I’m particularly excited about vector methods that have been very big in the past couple of years and are fairly robust when it comes to handling similar concepts in similar words, that are not captured by straightforward, grammatical and semantic rules, such as doing synonyms and whatnot.
Apart from this, they’re also very versatile and they help you find information inside the visual data, like images, or videos or such things. Vector methods have been around for a while and in the past two years, probably OpenAI did a lot of work in that regard. So those are the ones that we’re really excited about because they make our visual searches possible.
The other part is generative AI – being able to synthesize human sounding answers from the information that’s out there. So that’s also another thing that I think we’re only seeing the inception of and that’s going to be big in the next couple of years. Probably I’d even say that it’s going to get integrated into most of the experiences that we know today.
Talking about OpenAI – ChatGPT has been pretty much everywhere during the past couple months. Do you expect similar trends in 2023?
This is one of the things where there’s a lot of random talk on LinkedIn for example from people who I don’t think did their homework from a technical standpoint. But something’s definitely brewing here. And I personally love what I’ve seen from this – it’s able to produce such high quality answers that are synthesized in a really great way, in a really human understandable way.
And I think that this is going to be a major breakthrough. I also believe that these models are going to keep getting better. So perhaps there’s another kind of model architecture brewing that’s going to make it even better to train and make the whole thing provide even more value.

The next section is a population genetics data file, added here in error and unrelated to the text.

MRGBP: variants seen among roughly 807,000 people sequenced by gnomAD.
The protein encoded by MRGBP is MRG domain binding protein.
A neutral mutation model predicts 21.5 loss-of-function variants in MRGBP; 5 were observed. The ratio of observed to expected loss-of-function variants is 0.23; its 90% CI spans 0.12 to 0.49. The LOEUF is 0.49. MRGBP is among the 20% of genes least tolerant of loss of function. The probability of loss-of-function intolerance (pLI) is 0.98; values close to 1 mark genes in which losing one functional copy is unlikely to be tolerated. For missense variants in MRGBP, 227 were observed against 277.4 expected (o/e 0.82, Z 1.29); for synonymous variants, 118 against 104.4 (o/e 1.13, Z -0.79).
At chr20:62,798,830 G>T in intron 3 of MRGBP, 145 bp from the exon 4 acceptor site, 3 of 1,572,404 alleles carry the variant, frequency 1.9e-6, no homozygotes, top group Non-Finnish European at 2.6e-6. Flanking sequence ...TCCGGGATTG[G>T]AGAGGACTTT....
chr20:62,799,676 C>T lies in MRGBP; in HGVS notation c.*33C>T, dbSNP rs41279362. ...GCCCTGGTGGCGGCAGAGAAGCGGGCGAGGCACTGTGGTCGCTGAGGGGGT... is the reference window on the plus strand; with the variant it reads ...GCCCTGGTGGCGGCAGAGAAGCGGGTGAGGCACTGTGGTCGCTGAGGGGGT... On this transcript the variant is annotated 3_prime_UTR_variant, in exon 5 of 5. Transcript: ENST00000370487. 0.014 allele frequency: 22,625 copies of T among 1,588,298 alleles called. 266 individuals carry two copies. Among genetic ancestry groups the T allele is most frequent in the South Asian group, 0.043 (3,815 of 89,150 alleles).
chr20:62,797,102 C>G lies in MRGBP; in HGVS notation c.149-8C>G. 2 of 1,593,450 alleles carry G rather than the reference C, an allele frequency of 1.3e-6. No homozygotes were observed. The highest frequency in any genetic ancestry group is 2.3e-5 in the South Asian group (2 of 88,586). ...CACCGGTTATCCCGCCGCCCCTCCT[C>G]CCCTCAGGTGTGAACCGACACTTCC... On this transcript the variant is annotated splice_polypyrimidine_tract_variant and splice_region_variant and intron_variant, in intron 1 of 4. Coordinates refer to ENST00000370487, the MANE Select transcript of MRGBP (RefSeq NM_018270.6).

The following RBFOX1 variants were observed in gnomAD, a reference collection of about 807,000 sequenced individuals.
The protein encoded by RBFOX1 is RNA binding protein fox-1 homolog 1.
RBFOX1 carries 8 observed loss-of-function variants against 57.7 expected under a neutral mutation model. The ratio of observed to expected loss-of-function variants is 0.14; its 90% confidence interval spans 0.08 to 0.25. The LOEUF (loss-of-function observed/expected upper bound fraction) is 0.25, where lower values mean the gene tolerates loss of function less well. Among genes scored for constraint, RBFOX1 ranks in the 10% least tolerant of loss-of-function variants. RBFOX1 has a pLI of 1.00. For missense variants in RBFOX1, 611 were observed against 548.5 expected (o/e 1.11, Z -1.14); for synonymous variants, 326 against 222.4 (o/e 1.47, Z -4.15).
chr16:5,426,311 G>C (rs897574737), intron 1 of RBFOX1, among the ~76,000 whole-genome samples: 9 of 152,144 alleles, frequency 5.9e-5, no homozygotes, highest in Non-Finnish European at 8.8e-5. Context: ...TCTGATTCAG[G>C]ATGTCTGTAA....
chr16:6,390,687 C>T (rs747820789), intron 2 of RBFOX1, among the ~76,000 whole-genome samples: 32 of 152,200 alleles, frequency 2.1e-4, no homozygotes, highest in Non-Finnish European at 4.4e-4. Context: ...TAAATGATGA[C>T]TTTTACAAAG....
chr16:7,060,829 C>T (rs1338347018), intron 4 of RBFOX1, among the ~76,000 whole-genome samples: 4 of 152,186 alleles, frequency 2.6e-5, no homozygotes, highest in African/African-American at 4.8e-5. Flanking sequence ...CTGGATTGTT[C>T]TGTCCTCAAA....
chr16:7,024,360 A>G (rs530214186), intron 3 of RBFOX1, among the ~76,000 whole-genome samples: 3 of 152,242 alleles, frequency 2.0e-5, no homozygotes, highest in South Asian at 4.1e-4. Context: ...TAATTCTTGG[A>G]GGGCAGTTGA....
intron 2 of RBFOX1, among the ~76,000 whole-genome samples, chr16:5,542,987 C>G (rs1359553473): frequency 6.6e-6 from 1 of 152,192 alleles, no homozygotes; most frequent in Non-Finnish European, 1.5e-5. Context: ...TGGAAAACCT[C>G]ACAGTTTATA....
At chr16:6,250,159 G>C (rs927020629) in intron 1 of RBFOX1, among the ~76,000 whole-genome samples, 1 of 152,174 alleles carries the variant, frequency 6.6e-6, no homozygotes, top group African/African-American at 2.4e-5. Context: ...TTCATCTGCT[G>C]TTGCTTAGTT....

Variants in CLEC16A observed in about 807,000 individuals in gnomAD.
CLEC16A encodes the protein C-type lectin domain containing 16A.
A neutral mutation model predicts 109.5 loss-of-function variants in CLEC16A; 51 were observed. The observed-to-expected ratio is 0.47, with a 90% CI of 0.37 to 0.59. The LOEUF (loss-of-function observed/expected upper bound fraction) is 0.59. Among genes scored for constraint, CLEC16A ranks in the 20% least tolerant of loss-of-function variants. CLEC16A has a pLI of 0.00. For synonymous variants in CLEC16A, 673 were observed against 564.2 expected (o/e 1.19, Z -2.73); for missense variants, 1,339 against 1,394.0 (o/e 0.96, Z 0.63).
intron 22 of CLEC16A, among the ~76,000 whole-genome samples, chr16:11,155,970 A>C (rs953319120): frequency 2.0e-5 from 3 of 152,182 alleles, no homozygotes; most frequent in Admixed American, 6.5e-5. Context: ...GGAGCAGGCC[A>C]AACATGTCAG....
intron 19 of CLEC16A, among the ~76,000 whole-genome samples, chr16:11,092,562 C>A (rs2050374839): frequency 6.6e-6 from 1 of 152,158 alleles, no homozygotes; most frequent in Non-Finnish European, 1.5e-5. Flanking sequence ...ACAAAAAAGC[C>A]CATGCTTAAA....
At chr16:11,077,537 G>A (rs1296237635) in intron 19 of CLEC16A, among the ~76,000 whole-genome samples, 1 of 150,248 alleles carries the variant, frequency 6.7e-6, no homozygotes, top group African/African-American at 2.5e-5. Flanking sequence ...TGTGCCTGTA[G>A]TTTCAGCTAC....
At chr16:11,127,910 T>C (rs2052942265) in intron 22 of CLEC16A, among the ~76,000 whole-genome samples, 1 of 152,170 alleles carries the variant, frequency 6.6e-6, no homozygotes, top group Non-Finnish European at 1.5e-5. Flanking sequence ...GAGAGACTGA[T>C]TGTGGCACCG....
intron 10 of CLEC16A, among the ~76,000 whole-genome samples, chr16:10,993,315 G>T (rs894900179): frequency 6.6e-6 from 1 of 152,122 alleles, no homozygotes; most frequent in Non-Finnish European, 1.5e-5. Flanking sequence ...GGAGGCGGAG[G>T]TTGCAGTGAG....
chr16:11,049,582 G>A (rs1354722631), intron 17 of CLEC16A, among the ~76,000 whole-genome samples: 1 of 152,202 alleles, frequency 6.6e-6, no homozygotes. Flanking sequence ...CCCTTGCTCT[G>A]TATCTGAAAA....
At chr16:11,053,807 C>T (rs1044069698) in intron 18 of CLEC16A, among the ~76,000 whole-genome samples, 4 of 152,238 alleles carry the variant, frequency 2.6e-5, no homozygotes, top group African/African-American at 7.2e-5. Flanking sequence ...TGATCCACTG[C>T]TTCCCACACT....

I would say though that one major caveat is that it can still produce factually incorrect answers – and that’s a problem. If anything this was a solved problem in traditional search engines – you might get irrelevant answers, or answers that don’t quite fit what you’re looking for, but if the ranking and quality assurance is good enough, they generally won’t give you stuff that’s flat out wrong.
During the whole fake news controversy, the companies that were the main – call them culprits or call them victims – were the social media companies, it was not the Googles and the Bings.
So when it comes to false information I think that this new generation of GPT models could introduce a problem that we haven’t had before. I think that OpenAI probably does realize this and they’ll focus on better citation of sources, better factual correctness and so forth.
What other industry trends do you expect to become popular in 2023?
I’d say that we are probably going to see a whole lot of startups that will get venture funding and that are basically thin wrappers on top of these kinds of models.
I’m not a huge fan of that because I always lean more towards producing your own IP and owning something good under the hood there, rather than thin wrappers.
But I do think that this has now taken the world by storm to such a degree that more and more companies will start implementing it in their own products, so as to complement the core experiences that they offer.
What are Omnisearch’s main goals for 2023 and plans when it comes to expanding in the Western Balkans?
Omnisearch has predominantly been offering its services in one main vertical, which is education. And this has turned out to be a great fit for us. But now that we got our foothold in that vertical we’re expanding into the next ones. So whether that’s media, e-commerce, or a whole host of other candidate verticals where we’re now talking to potential customers, we definitely think that we’re going to be expanding pretty heavily in 2023. I think that this is going to be the first year where we sign on Fortune 500 customers.
Additionally, one of the main things that is also going to happen in 2023 is to strengthen the engineering team, particularly when it comes to full stack developers. We are definitely looking into the region when it comes to talent – I think the talent level in all of the Western Balkan countries, especially on the technical side, is phenomenal.
There are really the top tier people that could go against anyone in the world, and that’s what makes us super excited. There’s also been a new trend, because when I think about when I was graduating college, about half the people from the IT sector emigrated.
However, now, in the past couple of years, there’s definitely been a shift towards more people wanting to stay because Croatia for example is doing better than it did at that point in time. So we definitely think that this works in our favor.